In July of 1997 the Georgia State Legislature activated a law mandating a clinical evaluation to assess the need for alcohol and/or drug treatment, for anyone getting a second DUI conviction within 5 years. The DUI Risk-Reduction Program is administered by the Georgia Department of Human Resources (DHR).
The State of Georgia trains and certifies therapists to administer the Clinical Evaluations, and to provide state-mandated "ASAM Level I Treatment" (if that is recommended by an evaluation). (ASAM is the American Society of Addiction Medicine.) The same therapist cannot perform the Clinical Evaluation and provide the recommended treatment to a DUI offender.
The DUI offender who pleads "no contest" or guilty, or who is found guilty by the Court, must attend a DUI School for 20 hours, and then must obtain a Clinical Evaluation from a state-approved clinician. The DUI School will have a list of approved clinicians. It is essential that the DUI School be completed first, and that the pre-test (called the SALCE) results be mailed or faxed to the Clinical Evaluator before the date of the evaluation. The DUI School may charge up to $10 for sending the SALCE results.
The DUI Clinical Evaluation is required in order to obtain a limited driving permit (to get to and from work, school and/or treatment) after the minimum 4 months of license suspension. Successful completion of a mandated treatment program is usually required in order to get the full license reinstated. Completion of a program means more than just attending a certain number of weeks; the therapist must feel that inner changes are happening and a commitment to sobriety is being worked on.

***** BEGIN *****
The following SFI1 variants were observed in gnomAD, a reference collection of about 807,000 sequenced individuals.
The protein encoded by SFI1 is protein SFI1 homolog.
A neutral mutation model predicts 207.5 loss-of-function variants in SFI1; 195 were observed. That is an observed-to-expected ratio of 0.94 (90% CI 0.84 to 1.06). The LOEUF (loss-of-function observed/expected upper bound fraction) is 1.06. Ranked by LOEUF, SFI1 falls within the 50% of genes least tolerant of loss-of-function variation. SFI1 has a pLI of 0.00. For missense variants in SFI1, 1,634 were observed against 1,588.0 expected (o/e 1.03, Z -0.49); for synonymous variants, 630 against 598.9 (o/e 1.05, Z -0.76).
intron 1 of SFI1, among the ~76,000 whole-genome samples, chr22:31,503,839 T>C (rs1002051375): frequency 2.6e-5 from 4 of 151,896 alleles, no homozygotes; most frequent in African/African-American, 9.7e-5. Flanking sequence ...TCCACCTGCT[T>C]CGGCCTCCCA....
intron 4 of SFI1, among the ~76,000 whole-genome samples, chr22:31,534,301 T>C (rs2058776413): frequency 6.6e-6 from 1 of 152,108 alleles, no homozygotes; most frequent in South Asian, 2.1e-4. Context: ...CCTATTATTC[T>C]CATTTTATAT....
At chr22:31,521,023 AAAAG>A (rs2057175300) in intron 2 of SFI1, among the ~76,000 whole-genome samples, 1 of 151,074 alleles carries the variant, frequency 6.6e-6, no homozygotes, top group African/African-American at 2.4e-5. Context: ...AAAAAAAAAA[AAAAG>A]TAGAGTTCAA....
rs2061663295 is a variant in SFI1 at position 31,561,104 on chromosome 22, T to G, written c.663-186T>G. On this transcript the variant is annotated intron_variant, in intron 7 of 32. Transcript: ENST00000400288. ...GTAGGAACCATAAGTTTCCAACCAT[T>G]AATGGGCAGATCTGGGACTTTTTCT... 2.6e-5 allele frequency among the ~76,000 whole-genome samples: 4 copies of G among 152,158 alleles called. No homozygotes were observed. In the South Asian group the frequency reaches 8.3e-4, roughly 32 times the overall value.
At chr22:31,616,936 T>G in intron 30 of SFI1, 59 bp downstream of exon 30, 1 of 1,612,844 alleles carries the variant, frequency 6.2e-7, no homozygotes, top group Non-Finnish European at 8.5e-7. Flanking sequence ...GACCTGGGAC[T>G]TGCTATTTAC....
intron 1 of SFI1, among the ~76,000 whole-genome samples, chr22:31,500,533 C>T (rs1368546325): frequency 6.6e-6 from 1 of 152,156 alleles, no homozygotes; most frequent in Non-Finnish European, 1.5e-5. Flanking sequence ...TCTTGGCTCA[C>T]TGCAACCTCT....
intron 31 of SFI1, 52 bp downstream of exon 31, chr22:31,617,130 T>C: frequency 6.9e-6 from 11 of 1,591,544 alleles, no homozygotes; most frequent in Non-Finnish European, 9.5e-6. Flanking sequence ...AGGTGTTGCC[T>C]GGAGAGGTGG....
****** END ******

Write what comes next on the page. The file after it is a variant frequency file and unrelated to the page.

The State of Georgia uses the American Society of Addiction Medicine's (ASAM) criteria to determine the type of treatment that is appropriate. "ASAM Level I" is outpatient group or individual therapy, meeting a minimum of three hours a week, for a minimum of 17 weeks. "ASAM Level II.1" is a group experience that meets a minimum of 9 hours a week for a minimum of 17 weeks. The therapists's clinical judgement determines when treatment is completed - treatment may last for up to a year under this program.